BioMouse fingerprint ID system digit-izes PC access

On the screen, a dialog box asked for my user name. After I entered it, the software
displayed a crosshair and invited me to place a finger on the BioMouse's red scanner.


When I pressed down my left thumb, a clear fingerprint image appeared along the bottom
of the screen, so I moved my thumb closer to the center of the sensor window. Almost
instantly the security window disappeared, and I was in.


That's how you gain access to a system running Microsoft Windows or SunSoft Solaris if
it's equipped with the BioMouse fingerprint recognition system.


Despite the name, the BioMouse has no other functions--it's not a pointing device.


Most people hate trying to remember passwords. Too many just select their own or
relatives' names and then write them down somewhere.


I have seen passwords on Post-It notes stuck right on the monitor.


Security managers have valiantly battled for better password use, to little avail. So
some are turning to low-cost biometric access-control devices, such as the BioMouse,
priced around $300 per PC.


The BioMouse scanner hardware and software compare a sample fingerprint against prints
stored in memory. The process is fast, secure and user-friendly, and the equipment is easy
to install and maintain.


To connect the fist-sized black BioMouse tube, I plugged in an included power supply
and connected it to a parallel port through a pass-through. Software setup took about two
minutes.


Each BioMouse user enrolls by entering a sample fingerprint three times and waiting
while the software compares the samples. You must press evenly on the sensor pad, but even
then the software is quite forgiving.


An office could boost security by instituting confidential user names instead of the
usual LAN password combinations of names and initials. If each PC has one designated user,
a default setting could skip the user name entry.


Recognition times in my tests averaged less than three seconds on a fast PC at the
default security setting: one false acceptance in 1,000 tries.


When I changed the security setting to one in 1 million tries, recognition still took
about three seconds. Only one authorization attempt lasted almost 10 seconds.


Bad finger placement can slow things down, but the software is not very sensitive to
inaccurate centering of a finger on the screen. If you have trouble, the scanned image
shows up with a crosshair target for placement.


I found no way to specify a maximum number of access attempts. That is the only flaw I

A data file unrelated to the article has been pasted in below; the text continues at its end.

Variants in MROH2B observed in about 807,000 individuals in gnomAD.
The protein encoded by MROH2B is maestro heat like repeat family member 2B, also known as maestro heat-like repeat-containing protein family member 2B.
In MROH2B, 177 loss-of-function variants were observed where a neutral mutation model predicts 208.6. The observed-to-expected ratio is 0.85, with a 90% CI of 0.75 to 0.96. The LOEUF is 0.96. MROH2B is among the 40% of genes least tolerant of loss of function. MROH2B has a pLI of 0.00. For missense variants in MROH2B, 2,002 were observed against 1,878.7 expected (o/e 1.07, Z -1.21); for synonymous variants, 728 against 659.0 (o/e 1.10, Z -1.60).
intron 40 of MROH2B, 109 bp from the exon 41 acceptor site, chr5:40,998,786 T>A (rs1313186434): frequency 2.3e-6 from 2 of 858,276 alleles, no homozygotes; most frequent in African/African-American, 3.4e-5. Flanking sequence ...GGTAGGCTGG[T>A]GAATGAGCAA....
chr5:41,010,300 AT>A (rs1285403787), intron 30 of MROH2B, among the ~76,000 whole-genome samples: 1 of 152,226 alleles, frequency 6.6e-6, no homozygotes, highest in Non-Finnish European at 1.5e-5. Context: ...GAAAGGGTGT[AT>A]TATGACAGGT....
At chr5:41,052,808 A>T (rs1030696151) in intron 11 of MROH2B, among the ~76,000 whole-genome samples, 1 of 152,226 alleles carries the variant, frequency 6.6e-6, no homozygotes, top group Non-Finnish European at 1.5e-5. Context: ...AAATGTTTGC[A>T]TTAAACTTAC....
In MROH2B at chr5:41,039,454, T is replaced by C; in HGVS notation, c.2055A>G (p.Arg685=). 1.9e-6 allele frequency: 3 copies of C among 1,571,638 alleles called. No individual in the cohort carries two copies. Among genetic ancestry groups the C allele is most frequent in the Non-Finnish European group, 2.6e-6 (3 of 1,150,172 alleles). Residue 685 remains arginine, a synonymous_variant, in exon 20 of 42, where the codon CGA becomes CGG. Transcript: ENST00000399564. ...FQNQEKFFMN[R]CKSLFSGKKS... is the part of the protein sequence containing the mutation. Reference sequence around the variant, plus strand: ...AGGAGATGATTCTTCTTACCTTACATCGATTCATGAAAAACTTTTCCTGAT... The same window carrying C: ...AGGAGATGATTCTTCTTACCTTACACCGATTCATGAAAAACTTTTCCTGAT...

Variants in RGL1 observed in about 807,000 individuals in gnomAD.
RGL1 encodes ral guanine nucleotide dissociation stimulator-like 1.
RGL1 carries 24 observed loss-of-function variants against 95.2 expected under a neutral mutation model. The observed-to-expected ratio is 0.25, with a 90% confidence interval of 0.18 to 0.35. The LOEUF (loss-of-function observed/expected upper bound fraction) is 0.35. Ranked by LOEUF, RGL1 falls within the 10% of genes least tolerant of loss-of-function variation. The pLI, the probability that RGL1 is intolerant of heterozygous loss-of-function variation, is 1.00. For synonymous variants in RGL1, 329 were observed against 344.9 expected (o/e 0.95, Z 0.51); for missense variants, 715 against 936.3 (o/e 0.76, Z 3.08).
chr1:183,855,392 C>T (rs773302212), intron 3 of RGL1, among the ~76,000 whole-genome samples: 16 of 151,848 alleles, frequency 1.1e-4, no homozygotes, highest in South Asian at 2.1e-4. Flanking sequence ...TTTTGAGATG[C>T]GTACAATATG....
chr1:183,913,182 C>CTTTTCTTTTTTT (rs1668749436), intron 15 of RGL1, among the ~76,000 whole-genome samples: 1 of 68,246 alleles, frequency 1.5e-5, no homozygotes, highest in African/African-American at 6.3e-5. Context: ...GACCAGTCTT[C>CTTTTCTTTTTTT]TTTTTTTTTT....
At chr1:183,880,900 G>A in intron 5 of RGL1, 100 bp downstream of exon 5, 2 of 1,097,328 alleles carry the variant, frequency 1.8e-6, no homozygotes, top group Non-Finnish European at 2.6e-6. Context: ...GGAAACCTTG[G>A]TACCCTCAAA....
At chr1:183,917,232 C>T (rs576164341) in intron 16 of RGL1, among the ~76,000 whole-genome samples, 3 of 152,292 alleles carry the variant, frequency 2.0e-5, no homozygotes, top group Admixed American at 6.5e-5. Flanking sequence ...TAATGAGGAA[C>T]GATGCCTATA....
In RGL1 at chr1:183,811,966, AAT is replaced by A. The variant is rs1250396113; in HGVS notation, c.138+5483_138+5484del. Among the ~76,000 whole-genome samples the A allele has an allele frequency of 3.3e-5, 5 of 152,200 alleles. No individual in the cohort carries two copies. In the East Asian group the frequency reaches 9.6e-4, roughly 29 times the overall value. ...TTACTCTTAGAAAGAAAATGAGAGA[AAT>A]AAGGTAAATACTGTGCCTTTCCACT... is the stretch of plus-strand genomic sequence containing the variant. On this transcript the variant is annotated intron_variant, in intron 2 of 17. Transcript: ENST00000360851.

see in the system; I suspect government agencies would prefer to limit the number of
attempts.


In addition to fiddling with the false-acceptance levels, you can change the sensor
sensitivity to compensate for problems some users might have in getting a good fingerprint
image.


After three tries, the enrollment software gauges the image-match quality.


The rating ranges from 1 to 3, and the higher your security level, the better the
enrollment match should be. I reached the maximum quality during the first try.


The higher the security level, the more likely BioMouse is to deny a legitimate user.
So make sure users enroll with more than one finger. And I recommend trying it out a few
times before you activate it permanently. During default tests, you can still access a
computer by rebooting even if the BioMouse authorization fails.


Although the default image is a left thumbprint, a user can enroll prints of any or all
fingers. Always authenticate more than one print in case someone scars or loses a finger.


To guarantee that a high security setting won't lock out users inappropriately,
authorize at least two users for each PC. The backup users can be enrolled without
knowledge of their user names, so they still could not gain access to a PC without someone
else's consent.


If you set a default user, no list of other user names will appear, even in the setup
windows, until an authorized user gains proper access. You must know any alternate user
names, which can be up to 28 characters long, before another user can even try to
authenticate a fingerprint.


No users can simply pick names from a list of those enrolled unless they have already
presented a valid fingerprint.


The BioMouse recognition algorithm was tested under a National Institute of Standards
and Technology-approved test suite. American Biometric Co. claims certification for
security levels up to one false authorization in 1 million attempts.


Most offices should set up an administrator account for BioMouse. Without the special
account, anyone with access to any PC can enroll as an authorized user after the software
is accessed the first time each day. An administrator account also makes it easy to add
new users and remove old ones.


I tried 30 test fingerprints, and BioMouse passed only the correct one even at the
default setting, so I consider it secure. Recognition speed was fast, although once or
twice out of several dozen tries I had to reposition my finger.


The documentation was skimpy at 16 pages, but I completed the installation in a few
minutes without opening the booklet. There's also an online manual.


John McCormick, a free-lance writer and computer consultant, has been working with
computers since the early 1960s.


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